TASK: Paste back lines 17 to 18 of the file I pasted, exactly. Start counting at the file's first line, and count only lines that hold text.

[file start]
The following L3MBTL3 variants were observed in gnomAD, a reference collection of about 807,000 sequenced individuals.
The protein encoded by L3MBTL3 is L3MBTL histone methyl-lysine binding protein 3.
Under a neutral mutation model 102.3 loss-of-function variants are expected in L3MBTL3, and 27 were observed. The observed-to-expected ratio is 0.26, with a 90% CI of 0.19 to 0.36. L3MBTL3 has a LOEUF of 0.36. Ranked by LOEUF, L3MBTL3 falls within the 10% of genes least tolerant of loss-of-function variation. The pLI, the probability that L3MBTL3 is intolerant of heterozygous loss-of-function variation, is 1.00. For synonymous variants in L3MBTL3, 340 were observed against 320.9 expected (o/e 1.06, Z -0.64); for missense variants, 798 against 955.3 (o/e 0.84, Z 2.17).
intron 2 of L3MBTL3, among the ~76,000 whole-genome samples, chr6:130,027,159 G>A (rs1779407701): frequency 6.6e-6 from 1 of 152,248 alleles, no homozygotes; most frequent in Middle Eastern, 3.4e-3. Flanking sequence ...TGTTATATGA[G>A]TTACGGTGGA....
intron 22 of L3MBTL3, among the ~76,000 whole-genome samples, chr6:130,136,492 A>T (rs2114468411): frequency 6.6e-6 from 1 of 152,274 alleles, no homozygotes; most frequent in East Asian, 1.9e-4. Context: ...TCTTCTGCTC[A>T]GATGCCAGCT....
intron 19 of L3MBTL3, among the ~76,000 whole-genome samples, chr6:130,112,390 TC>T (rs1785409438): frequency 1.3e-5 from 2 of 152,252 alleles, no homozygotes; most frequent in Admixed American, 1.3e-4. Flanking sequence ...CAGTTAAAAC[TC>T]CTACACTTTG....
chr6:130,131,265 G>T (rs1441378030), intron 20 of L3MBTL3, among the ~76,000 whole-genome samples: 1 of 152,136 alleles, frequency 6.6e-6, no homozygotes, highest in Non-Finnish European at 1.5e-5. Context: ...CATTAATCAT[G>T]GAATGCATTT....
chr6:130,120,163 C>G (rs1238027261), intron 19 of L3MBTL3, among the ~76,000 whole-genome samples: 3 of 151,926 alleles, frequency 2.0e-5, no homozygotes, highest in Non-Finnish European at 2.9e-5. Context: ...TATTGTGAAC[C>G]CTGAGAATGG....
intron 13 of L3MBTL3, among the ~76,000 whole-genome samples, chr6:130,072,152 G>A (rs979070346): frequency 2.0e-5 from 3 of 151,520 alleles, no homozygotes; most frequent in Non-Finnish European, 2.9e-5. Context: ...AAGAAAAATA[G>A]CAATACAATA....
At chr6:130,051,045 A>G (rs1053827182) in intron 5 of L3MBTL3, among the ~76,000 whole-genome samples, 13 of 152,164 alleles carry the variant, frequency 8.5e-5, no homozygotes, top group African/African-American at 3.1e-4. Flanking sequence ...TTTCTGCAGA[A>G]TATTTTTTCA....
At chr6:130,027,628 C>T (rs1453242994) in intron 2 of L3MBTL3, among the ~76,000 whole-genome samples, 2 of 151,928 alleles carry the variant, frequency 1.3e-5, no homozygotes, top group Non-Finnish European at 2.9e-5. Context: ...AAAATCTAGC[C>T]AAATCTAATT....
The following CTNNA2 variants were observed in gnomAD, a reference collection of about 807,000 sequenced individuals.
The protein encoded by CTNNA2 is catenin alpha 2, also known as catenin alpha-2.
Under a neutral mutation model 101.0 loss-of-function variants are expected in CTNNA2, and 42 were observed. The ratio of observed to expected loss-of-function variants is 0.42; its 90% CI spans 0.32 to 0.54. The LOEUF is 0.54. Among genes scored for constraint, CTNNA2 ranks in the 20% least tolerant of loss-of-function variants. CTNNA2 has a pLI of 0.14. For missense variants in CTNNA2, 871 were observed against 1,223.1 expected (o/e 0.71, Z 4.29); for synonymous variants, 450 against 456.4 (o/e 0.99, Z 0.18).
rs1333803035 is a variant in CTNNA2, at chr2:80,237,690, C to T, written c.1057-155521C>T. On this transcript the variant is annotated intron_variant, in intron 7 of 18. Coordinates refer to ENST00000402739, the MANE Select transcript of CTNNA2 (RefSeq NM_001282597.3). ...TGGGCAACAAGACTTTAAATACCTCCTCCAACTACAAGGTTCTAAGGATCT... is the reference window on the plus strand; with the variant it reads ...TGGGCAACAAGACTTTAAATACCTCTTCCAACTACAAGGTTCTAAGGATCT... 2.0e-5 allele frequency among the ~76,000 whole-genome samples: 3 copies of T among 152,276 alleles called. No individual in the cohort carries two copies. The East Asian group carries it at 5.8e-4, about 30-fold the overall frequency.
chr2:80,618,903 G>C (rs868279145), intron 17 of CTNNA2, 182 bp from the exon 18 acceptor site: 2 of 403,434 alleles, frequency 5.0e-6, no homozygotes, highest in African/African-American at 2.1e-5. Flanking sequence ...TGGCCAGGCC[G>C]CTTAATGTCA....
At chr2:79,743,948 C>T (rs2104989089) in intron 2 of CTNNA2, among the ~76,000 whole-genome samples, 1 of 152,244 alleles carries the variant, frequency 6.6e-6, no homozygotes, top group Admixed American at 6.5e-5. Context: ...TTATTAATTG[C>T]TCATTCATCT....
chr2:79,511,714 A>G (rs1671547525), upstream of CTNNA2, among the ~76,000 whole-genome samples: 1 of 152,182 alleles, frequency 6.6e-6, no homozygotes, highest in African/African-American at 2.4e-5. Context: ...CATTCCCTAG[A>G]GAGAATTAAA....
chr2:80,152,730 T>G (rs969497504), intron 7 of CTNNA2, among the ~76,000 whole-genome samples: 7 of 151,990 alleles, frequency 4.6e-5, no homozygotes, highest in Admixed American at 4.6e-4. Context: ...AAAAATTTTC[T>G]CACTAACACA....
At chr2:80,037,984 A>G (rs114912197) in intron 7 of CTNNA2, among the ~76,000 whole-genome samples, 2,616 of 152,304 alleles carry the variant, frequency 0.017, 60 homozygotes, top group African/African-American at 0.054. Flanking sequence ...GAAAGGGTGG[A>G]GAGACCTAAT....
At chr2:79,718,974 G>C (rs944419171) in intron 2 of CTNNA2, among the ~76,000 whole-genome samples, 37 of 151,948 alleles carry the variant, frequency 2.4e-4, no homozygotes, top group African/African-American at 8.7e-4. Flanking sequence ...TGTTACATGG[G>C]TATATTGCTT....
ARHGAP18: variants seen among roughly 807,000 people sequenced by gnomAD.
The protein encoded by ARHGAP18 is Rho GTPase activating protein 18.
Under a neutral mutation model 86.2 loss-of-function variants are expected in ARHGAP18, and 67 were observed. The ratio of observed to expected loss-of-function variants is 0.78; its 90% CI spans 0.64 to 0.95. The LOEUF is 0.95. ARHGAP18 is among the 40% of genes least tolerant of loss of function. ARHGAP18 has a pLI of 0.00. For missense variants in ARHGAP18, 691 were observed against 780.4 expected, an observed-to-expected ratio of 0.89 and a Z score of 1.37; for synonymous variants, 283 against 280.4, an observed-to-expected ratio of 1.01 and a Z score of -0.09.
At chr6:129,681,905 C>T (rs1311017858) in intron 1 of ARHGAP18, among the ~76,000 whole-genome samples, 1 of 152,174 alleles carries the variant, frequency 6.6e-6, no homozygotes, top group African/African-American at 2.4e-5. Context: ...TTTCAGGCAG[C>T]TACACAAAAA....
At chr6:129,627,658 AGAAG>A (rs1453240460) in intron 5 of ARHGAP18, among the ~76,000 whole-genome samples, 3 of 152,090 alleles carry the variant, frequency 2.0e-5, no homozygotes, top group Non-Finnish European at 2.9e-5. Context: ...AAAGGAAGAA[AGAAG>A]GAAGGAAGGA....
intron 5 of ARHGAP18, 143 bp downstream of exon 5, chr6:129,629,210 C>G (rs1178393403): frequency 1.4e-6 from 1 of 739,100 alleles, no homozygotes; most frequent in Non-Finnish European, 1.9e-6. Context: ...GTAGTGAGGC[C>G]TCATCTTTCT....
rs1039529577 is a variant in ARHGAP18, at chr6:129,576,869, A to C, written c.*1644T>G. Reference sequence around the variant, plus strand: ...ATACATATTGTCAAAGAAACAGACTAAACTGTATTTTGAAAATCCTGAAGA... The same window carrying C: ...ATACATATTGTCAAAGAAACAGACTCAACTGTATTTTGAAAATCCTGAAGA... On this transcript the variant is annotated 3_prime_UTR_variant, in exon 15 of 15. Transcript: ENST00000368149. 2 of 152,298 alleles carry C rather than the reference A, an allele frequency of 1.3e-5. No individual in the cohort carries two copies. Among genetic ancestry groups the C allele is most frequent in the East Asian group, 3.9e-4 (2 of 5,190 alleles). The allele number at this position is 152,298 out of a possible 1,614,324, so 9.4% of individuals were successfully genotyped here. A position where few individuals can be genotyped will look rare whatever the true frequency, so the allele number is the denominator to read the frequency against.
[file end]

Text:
At chr2:79,743,948 C>T (rs2104989089) in intron 2 of CTNNA2, among the ~76,000 whole-genome samples, 1 of 152,244 alleles carries the variant, frequency 6.6e-6, no homozygotes, top group Admixed American at 6.5e-5. Context: ...TTATTAATTG[C>T]TCATTCATCT....
chr2:79,511,714 A>G (rs1671547525), upstream of CTNNA2, among the ~76,000 whole-genome samples: 1 of 152,182 alleles, frequency 6.6e-6, no homozygotes, highest in African/African-American at 2.4e-5. Context: ...CATTCCCTAG[A>G]GAGAATTAAA....